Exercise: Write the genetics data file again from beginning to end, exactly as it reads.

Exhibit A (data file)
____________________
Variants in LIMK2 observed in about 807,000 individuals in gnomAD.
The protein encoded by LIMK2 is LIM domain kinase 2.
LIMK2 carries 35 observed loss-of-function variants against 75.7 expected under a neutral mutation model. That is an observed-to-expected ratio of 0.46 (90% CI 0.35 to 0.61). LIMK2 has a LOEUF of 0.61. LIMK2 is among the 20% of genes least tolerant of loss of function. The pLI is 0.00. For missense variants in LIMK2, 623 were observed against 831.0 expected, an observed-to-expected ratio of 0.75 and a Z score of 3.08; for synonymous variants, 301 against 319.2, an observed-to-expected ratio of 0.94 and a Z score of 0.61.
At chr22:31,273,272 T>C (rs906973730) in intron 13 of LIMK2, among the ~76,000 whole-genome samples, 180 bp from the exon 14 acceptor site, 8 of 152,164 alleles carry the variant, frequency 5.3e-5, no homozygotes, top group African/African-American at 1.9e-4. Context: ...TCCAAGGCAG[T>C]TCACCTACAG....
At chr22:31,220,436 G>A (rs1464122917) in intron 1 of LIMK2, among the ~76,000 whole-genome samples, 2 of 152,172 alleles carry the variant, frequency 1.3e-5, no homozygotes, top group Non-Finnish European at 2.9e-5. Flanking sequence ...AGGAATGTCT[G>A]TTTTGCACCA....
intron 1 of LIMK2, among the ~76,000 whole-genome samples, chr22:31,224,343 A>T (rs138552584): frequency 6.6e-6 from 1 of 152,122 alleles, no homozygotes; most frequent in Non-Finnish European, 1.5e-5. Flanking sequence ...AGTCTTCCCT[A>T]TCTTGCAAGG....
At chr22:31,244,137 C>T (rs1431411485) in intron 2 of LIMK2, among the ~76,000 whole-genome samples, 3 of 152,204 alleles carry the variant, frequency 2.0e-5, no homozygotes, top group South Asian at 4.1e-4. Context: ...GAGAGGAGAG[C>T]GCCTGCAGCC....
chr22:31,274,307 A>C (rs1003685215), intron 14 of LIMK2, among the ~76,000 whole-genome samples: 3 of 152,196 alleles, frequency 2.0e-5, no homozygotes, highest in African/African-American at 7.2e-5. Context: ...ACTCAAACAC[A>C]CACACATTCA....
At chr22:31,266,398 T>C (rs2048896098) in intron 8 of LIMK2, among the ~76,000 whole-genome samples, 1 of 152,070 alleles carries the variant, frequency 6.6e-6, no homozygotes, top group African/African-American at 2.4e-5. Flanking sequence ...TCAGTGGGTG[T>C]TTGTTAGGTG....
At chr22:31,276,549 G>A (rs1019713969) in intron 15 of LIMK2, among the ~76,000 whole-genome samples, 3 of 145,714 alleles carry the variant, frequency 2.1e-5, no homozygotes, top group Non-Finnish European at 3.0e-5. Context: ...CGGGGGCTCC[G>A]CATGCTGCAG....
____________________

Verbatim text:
Variants in LIMK2 observed in about 807,000 individuals in gnomAD.
The protein encoded by LIMK2 is LIM domain kinase 2.
LIMK2 carries 35 observed loss-of-function variants against 75.7 expected under a neutral mutation model. That is an observed-to-expected ratio of 0.46 (90% CI 0.35 to 0.61). LIMK2 has a LOEUF of 0.61. LIMK2 is among the 20% of genes least tolerant of loss of function. The pLI is 0.00. For missense variants in LIMK2, 623 were observed against 831.0 expected, an observed-to-expected ratio of 0.75 and a Z score of 3.08; for synonymous variants, 301 against 319.2, an observed-to-expected ratio of 0.94 and a Z score of 0.61.
At chr22:31,273,272 T>C (rs906973730) in intron 13 of LIMK2, among the ~76,000 whole-genome samples, 180 bp from the exon 14 acceptor site, 8 of 152,164 alleles carry the variant, frequency 5.3e-5, no homozygotes, top group African/African-American at 1.9e-4. Context: ...TCCAAGGCAG[T>C]TCACCTACAG....
At chr22:31,220,436 G>A (rs1464122917) in intron 1 of LIMK2, among the ~76,000 whole-genome samples, 2 of 152,172 alleles carry the variant, frequency 1.3e-5, no homozygotes, top group Non-Finnish European at 2.9e-5. Flanking sequence ...AGGAATGTCT[G>A]TTTTGCACCA....
intron 1 of LIMK2, among the ~76,000 whole-genome samples, chr22:31,224,343 A>T (rs138552584): frequency 6.6e-6 from 1 of 152,122 alleles, no homozygotes; most frequent in Non-Finnish European, 1.5e-5. Flanking sequence ...AGTCTTCCCT[A>T]TCTTGCAAGG....
At chr22:31,244,137 C>T (rs1431411485) in intron 2 of LIMK2, among the ~76,000 whole-genome samples, 3 of 152,204 alleles carry the variant, frequency 2.0e-5, no homozygotes, top group South Asian at 4.1e-4. Context: ...GAGAGGAGAG[C>T]GCCTGCAGCC....
chr22:31,274,307 A>C (rs1003685215), intron 14 of LIMK2, among the ~76,000 whole-genome samples: 3 of 152,196 alleles, frequency 2.0e-5, no homozygotes, highest in African/African-American at 7.2e-5. Context: ...ACTCAAACAC[A>C]CACACATTCA....
At chr22:31,266,398 T>C (rs2048896098) in intron 8 of LIMK2, among the ~76,000 whole-genome samples, 1 of 152,070 alleles carries the variant, frequency 6.6e-6, no homozygotes, top group African/African-American at 2.4e-5. Flanking sequence ...TCAGTGGGTG[T>C]TTGTTAGGTG....
At chr22:31,276,549 G>A (rs1019713969) in intron 15 of LIMK2, among the ~76,000 whole-genome samples, 3 of 145,714 alleles carry the variant, frequency 2.1e-5, no homozygotes, top group Non-Finnish European at 3.0e-5. Context: ...CGGGGGCTCC[G>A]CATGCTGCAG....